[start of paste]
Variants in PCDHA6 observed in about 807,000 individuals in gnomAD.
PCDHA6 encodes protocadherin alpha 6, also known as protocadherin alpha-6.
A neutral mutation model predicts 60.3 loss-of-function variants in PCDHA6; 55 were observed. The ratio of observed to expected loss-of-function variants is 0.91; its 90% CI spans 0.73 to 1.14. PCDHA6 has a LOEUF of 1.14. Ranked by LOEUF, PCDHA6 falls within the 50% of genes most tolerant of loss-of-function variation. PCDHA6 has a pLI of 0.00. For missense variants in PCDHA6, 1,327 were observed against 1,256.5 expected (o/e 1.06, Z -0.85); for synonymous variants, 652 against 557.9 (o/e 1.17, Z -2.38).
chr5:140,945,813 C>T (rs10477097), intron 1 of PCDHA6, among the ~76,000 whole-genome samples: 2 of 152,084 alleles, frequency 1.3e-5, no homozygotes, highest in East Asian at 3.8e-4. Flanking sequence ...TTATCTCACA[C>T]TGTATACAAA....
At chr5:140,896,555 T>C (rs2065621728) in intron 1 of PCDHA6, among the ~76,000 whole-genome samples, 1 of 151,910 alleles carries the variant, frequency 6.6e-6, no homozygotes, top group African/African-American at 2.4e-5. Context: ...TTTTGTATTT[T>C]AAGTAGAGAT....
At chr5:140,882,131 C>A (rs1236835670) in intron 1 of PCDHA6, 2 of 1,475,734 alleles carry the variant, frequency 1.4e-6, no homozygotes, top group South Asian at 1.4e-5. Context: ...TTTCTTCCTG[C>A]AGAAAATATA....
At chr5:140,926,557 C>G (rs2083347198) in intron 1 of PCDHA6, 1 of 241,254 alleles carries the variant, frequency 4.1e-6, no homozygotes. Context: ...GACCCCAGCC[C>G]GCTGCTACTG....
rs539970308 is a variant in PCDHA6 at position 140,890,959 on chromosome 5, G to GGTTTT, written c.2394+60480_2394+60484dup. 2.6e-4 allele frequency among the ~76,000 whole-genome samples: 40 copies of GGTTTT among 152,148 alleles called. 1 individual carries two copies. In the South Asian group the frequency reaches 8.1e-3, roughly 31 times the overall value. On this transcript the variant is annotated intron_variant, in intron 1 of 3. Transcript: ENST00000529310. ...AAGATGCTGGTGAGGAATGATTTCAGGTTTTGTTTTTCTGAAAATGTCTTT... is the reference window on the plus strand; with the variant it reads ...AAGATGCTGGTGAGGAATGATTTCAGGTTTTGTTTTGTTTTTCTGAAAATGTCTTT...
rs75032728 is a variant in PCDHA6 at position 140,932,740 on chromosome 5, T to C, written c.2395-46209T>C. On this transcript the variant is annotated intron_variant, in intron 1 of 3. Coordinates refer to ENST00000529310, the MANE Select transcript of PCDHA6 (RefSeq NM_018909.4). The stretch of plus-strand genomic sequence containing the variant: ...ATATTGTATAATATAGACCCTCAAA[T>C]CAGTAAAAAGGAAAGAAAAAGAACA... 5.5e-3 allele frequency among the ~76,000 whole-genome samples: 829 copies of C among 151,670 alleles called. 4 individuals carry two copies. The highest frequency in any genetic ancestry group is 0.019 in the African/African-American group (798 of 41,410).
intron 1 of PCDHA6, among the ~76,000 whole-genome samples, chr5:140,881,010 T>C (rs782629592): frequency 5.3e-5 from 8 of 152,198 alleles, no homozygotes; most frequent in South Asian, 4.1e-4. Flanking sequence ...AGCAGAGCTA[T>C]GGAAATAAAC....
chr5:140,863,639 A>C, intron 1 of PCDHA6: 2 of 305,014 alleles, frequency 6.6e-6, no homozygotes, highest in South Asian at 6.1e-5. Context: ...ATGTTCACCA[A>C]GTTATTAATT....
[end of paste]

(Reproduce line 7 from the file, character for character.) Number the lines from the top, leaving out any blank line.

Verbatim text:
At chr5:140,926,557 C>G (rs2083347198) in intron 1 of PCDHA6, 1 of 241,254 alleles carries the variant, frequency 4.1e-6, no homozygotes. Context: ...GACCCCAGCC[C>G]GCTGCTACTG....